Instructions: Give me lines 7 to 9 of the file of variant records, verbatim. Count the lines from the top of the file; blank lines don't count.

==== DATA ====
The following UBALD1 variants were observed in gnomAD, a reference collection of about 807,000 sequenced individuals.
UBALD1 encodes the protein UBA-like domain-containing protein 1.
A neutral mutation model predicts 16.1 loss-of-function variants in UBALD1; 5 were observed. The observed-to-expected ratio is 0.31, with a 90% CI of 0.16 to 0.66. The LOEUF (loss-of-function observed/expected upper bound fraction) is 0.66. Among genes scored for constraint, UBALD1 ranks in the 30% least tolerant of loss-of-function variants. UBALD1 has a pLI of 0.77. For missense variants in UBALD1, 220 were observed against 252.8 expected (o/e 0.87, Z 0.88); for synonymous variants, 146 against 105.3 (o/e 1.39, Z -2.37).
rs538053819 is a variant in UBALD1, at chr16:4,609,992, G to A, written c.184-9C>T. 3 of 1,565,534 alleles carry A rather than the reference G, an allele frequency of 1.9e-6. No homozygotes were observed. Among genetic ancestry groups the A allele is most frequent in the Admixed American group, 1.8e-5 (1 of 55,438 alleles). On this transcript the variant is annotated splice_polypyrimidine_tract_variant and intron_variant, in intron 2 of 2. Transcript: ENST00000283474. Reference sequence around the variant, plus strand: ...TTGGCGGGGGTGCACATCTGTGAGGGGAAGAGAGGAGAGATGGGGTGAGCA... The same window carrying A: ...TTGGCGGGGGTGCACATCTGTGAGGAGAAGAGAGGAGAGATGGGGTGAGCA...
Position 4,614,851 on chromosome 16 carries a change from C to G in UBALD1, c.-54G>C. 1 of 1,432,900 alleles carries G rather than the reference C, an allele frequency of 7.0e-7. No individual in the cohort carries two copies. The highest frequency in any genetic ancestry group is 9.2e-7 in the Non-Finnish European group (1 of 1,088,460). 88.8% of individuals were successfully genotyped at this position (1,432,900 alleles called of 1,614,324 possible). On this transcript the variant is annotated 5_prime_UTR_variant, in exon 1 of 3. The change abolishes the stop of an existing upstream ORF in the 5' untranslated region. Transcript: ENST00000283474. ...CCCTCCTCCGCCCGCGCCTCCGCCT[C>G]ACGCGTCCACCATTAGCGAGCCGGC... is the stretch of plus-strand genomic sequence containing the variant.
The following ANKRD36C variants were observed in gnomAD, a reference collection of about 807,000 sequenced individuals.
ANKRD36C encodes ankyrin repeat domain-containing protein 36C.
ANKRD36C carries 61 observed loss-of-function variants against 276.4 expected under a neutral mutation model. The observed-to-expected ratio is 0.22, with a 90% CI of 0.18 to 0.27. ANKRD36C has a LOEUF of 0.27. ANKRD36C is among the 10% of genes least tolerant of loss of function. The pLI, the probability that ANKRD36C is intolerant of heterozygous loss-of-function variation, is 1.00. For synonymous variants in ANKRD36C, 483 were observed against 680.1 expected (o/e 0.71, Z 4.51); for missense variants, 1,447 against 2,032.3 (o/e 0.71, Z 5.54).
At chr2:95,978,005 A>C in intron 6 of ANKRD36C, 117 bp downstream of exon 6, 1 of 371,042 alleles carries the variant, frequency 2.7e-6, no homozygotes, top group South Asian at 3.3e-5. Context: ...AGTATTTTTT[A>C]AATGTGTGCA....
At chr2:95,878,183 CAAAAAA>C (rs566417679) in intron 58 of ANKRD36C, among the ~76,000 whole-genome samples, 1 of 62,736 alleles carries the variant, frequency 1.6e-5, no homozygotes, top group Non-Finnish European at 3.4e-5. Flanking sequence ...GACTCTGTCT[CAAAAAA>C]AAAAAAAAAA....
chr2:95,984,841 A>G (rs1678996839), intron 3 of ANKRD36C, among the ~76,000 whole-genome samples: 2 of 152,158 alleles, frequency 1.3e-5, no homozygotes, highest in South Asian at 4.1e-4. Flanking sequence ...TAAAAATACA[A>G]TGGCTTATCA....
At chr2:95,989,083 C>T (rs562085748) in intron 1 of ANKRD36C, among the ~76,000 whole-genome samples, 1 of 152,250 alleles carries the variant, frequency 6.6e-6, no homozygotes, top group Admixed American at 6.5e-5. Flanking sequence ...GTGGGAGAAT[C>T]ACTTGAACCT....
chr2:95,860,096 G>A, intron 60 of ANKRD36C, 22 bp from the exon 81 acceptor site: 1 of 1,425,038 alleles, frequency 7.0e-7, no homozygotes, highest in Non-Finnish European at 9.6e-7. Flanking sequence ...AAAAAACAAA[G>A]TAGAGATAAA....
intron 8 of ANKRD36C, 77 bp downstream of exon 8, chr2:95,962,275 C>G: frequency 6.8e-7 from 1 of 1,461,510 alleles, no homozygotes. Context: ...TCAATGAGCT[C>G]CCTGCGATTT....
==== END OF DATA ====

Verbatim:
ANKRD36C encodes ankyrin repeat domain-containing protein 36C.
ANKRD36C carries 61 observed loss-of-function variants against 276.4 expected under a neutral mutation model. The observed-to-expected ratio is 0.22, with a 90% CI of 0.18 to 0.27. ANKRD36C has a LOEUF of 0.27. ANKRD36C is among the 10% of genes least tolerant of loss of function. The pLI, the probability that ANKRD36C is intolerant of heterozygous loss-of-function variation, is 1.00. For synonymous variants in ANKRD36C, 483 were observed against 680.1 expected (o/e 0.71, Z 4.51); for missense variants, 1,447 against 2,032.3 (o/e 0.71, Z 5.54).
At chr2:95,978,005 A>C in intron 6 of ANKRD36C, 117 bp downstream of exon 6, 1 of 371,042 alleles carries the variant, frequency 2.7e-6, no homozygotes, top group South Asian at 3.3e-5. Context: ...AGTATTTTTT[A>C]AATGTGTGCA....